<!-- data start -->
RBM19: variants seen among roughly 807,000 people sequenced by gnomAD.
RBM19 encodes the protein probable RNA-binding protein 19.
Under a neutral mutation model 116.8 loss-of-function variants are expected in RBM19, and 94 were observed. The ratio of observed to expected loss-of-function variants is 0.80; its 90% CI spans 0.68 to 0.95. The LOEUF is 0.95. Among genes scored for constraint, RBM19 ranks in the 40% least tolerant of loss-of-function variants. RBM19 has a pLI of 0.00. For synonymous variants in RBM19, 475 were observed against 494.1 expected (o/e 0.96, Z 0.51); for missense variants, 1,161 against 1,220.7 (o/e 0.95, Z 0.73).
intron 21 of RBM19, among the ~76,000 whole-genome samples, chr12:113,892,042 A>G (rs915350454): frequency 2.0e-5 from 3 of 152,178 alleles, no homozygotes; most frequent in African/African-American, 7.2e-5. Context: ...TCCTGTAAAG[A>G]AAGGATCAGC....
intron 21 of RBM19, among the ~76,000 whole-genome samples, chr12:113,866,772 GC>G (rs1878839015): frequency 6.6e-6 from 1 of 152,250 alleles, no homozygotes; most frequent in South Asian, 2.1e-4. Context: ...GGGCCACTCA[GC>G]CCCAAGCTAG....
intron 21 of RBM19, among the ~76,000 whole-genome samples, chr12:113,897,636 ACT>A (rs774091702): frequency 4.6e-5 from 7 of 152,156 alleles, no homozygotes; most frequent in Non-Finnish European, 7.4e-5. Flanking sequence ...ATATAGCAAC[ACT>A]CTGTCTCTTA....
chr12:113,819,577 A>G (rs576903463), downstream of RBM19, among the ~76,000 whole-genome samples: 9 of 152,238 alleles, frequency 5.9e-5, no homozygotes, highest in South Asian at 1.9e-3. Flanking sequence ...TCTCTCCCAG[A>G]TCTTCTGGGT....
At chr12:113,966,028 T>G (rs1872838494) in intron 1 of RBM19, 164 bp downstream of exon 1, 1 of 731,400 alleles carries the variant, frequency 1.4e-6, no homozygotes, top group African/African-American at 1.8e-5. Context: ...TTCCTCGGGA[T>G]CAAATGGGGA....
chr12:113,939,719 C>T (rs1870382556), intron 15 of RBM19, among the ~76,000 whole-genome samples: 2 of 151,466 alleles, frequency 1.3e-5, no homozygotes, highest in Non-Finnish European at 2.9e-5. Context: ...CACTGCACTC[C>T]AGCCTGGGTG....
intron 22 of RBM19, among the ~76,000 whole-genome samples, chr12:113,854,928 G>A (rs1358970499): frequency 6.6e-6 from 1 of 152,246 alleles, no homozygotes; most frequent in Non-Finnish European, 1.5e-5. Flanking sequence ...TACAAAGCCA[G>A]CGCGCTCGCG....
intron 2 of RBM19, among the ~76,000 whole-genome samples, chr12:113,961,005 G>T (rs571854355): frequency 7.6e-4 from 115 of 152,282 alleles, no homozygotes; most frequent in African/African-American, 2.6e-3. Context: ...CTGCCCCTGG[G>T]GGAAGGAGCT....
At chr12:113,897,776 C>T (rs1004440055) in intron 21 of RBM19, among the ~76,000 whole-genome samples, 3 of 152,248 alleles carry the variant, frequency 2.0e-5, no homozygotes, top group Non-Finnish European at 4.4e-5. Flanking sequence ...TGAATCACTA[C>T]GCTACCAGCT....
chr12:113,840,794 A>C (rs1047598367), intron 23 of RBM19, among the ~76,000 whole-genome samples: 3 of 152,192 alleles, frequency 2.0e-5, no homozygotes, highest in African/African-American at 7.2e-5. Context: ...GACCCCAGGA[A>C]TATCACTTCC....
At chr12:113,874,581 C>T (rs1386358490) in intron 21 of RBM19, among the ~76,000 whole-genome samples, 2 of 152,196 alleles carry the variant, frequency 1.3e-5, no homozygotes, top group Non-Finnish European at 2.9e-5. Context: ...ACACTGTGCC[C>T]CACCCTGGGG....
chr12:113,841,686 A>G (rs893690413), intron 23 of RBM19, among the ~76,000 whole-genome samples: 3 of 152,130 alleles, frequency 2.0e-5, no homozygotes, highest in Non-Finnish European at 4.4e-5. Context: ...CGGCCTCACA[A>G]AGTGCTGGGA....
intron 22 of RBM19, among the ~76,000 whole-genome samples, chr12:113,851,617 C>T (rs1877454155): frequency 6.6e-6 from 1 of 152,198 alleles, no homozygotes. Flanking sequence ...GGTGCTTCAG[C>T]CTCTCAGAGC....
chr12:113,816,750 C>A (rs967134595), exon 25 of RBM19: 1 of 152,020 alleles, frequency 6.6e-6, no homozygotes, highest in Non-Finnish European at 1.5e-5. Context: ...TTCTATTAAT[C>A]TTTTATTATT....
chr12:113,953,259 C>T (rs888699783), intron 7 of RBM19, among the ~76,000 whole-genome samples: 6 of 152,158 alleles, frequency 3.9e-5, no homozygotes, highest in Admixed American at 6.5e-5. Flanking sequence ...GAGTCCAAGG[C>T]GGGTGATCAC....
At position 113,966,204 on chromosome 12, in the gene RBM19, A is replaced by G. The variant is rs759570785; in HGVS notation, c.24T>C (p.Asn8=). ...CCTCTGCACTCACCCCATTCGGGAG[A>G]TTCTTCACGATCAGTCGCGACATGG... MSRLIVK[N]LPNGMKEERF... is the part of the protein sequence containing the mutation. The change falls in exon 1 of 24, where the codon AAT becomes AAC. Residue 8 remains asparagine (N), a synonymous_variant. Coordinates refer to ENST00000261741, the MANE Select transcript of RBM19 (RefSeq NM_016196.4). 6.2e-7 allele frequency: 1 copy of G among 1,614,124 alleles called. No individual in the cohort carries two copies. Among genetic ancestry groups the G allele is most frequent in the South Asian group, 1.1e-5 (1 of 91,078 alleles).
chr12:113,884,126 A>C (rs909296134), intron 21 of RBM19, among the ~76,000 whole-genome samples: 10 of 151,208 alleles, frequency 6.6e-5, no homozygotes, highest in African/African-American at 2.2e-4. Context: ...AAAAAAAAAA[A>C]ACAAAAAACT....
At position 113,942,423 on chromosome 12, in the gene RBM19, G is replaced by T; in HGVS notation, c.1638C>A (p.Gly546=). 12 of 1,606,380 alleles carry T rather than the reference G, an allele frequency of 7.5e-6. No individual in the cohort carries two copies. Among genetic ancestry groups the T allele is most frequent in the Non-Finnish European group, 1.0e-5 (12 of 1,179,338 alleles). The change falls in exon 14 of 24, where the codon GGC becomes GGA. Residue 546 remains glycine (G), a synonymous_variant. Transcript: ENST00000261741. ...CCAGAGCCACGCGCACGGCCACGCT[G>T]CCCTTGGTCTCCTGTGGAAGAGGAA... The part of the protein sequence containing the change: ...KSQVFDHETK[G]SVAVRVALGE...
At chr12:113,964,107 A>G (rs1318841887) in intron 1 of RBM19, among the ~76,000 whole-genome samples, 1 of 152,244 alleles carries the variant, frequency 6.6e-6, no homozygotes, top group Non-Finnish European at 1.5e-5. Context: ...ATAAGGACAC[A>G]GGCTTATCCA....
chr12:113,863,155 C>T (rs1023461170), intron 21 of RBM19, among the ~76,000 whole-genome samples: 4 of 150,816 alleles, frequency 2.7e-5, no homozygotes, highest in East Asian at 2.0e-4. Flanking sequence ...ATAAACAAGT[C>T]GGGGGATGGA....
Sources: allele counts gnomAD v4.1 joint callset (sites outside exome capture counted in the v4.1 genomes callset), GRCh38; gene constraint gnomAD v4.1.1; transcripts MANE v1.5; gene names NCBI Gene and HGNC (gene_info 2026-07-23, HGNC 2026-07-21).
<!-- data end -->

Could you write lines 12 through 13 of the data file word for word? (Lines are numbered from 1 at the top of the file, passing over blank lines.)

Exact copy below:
At chr12:113,897,776 C>T (rs1004440055) in intron 21 of RBM19, among the ~76,000 whole-genome samples, 3 of 152,248 alleles carry the variant, frequency 2.0e-5, no homozygotes, top group Non-Finnish European at 4.4e-5. Flanking sequence ...TGAATCACTA[C>T]GCTACCAGCT....
chr12:113,840,794 A>C (rs1047598367), intron 23 of RBM19, among the ~76,000 whole-genome samples: 3 of 152,192 alleles, frequency 2.0e-5, no homozygotes, highest in African/African-American at 7.2e-5. Context: ...GACCCCAGGA[A>C]TATCACTTCC....